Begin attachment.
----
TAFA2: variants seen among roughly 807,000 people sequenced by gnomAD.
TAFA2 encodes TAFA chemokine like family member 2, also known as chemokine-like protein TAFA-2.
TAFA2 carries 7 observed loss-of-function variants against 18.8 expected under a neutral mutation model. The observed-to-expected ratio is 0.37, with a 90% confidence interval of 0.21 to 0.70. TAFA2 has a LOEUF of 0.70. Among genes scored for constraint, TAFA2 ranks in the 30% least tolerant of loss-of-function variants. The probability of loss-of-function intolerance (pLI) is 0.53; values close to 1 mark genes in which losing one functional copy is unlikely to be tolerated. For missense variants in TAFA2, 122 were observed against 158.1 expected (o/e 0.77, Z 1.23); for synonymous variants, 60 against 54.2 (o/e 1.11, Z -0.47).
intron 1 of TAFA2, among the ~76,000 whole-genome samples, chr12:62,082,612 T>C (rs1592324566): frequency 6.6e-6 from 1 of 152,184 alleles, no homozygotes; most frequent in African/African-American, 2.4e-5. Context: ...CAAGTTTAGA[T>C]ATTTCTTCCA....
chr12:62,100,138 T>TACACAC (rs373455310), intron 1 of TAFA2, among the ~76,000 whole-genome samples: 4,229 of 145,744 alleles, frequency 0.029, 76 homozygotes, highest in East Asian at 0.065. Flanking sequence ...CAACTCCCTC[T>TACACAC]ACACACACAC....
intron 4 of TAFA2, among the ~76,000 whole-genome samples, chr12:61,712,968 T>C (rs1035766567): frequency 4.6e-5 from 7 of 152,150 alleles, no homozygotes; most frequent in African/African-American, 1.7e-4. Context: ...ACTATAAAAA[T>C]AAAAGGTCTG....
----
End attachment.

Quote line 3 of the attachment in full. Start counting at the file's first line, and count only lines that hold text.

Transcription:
TAFA2 carries 7 observed loss-of-function variants against 18.8 expected under a neutral mutation model. The observed-to-expected ratio is 0.37, with a 90% confidence interval of 0.21 to 0.70. TAFA2 has a LOEUF of 0.70. Among genes scored for constraint, TAFA2 ranks in the 30% least tolerant of loss-of-function variants. The probability of loss-of-function intolerance (pLI) is 0.53; values close to 1 mark genes in which losing one functional copy is unlikely to be tolerated. For missense variants in TAFA2, 122 were observed against 158.1 expected (o/e 0.77, Z 1.23); for synonymous variants, 60 against 54.2 (o/e 1.11, Z -0.47).